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Oktaha is in Muskogee County, Oklahoma, fourteen miles south-southwest of Muskogee and one mile east of U.S. Highway 69. It is an agricultural community originally located on the Missouri, Kansas and Texas Railway. A boxcar served as the first train depot. The town has had a multicultural mix of white, African American, and American Indian residents from inception, with African Americans comprising 18 percent of its 1907 population of 286.

On August 6, 1900, the Oktaha Switch post office opened. It was named after Oktarharsars Harjo, a Creek citizen. Oktaha was incorporated three years later and a mayor-council form of government prevailed through the twentieth century. Its population rose to 335 in 1920 and then began a sixty-year decline. Since 1980 its population has again risen to 327 in 2000. Many Oktaha citizens have excelled locally and nationally as rodeo performers. Ted Yochum, who moved to Oktaha after establishing his rodeo career, became a world-champion bulldogger. Renowned artist and sculptor Willard Stone hailed from Oktaha.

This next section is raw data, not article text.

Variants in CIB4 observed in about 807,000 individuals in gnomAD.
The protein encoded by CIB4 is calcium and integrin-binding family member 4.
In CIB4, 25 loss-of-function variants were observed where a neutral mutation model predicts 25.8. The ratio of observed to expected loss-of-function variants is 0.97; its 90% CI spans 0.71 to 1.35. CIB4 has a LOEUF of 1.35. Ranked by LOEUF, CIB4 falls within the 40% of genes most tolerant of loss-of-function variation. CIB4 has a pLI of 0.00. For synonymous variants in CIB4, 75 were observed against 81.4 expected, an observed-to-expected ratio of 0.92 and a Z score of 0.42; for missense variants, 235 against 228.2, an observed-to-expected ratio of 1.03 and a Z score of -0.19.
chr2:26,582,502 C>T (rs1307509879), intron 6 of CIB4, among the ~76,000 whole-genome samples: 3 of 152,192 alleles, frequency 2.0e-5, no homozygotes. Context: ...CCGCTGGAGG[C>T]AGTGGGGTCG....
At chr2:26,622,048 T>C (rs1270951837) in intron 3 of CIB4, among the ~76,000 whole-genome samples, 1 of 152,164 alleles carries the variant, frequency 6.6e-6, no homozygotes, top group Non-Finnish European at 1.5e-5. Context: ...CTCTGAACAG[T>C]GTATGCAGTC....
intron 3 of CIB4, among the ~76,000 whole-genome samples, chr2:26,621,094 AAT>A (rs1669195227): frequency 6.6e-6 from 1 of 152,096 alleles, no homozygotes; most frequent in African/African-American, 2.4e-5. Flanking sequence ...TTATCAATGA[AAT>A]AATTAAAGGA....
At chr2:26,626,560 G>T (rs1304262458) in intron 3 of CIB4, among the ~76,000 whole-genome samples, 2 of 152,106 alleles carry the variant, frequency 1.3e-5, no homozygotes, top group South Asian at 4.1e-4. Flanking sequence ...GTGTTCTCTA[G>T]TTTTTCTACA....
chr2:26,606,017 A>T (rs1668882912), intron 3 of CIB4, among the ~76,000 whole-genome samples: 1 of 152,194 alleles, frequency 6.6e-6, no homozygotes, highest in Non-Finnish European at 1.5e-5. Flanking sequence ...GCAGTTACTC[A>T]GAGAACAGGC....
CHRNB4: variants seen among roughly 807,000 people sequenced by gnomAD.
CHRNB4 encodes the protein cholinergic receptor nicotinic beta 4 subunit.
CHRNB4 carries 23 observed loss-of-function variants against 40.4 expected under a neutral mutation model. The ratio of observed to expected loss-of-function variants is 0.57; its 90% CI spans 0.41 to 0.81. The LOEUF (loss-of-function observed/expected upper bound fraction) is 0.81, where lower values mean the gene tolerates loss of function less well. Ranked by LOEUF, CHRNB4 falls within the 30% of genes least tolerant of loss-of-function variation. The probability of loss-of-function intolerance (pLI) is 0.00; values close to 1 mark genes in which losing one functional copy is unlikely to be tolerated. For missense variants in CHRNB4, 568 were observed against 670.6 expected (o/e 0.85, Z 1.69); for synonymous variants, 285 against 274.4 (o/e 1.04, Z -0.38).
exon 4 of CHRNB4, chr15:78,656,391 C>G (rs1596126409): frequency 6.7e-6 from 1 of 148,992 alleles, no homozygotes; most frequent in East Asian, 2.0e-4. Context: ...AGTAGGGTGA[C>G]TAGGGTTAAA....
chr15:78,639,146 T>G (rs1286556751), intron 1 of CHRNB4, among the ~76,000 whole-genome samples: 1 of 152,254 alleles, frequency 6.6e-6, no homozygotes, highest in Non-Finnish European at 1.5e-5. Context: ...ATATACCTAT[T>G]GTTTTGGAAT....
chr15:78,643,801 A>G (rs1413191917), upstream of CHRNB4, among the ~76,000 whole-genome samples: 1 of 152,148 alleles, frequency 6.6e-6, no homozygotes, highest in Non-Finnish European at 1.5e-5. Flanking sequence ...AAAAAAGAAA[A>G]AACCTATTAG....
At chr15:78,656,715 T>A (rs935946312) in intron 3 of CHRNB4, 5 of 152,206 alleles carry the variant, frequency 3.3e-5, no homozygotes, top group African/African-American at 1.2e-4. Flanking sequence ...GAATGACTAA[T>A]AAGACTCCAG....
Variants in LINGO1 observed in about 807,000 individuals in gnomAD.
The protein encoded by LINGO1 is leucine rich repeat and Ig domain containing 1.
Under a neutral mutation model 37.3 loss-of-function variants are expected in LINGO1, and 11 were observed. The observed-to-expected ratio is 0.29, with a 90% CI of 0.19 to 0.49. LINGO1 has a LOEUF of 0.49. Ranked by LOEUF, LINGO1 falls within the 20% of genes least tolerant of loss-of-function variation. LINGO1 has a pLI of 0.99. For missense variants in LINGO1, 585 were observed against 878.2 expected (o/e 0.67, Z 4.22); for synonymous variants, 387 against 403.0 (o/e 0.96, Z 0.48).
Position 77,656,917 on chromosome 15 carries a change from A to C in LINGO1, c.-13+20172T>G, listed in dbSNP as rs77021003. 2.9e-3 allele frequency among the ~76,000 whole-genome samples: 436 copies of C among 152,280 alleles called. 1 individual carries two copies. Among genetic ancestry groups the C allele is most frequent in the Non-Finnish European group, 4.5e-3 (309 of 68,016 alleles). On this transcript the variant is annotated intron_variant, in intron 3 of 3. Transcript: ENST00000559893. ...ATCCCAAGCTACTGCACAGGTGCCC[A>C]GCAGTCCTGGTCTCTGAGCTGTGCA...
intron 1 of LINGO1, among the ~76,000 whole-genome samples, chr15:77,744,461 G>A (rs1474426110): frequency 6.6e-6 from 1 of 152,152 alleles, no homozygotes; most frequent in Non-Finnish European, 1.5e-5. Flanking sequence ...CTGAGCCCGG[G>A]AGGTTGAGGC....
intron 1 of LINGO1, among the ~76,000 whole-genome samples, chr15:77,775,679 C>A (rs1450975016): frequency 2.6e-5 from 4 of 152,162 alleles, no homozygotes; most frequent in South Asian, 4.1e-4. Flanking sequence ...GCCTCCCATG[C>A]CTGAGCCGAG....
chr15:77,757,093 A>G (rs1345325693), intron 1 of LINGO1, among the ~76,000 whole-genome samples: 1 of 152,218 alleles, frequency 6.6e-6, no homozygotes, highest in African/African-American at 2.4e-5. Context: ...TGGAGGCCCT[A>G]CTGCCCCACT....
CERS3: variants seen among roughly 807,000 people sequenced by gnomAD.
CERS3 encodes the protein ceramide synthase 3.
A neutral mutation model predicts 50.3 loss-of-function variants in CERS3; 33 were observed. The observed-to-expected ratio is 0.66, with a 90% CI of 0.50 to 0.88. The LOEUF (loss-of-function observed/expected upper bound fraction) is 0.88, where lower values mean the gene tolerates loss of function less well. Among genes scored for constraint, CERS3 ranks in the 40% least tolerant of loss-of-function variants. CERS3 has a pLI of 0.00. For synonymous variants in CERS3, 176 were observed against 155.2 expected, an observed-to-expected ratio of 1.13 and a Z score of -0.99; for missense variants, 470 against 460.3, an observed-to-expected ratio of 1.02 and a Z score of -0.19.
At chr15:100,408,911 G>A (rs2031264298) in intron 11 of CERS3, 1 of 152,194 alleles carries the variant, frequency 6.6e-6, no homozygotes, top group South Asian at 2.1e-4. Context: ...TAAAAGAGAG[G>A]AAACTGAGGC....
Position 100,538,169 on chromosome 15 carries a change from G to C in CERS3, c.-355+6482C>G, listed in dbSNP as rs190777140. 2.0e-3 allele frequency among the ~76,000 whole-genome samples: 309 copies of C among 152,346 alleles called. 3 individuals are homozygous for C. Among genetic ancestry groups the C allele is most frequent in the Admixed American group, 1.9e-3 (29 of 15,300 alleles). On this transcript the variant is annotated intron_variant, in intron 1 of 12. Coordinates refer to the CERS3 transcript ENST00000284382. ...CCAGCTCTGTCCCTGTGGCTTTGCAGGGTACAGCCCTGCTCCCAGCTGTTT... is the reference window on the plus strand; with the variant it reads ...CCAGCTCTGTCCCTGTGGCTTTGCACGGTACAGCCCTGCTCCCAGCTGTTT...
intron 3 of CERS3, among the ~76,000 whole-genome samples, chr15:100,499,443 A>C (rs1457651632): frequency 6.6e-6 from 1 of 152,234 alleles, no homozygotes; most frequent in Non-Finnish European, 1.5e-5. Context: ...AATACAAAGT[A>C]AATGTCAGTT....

BIBLIOGRAPHY: John Downing Benedict, Muskogee and Northeastern Oklahoma, Including the Counties of Muskogee, McIntosh, Wagoner, Cherokee, Sequoyah, Adair, Delaware, Mayes, Rogers, Washington, Nowata, Craig, and Ottawa, Vol. 1 (Chicago: S. J. Clarke Publishing Co., 1922). James M. Etter, Oktaha: A Track in the Sand (Oktaha, Okla.: Oktaha Historical Society, 1982).

Wallace F. Waits, Jr.

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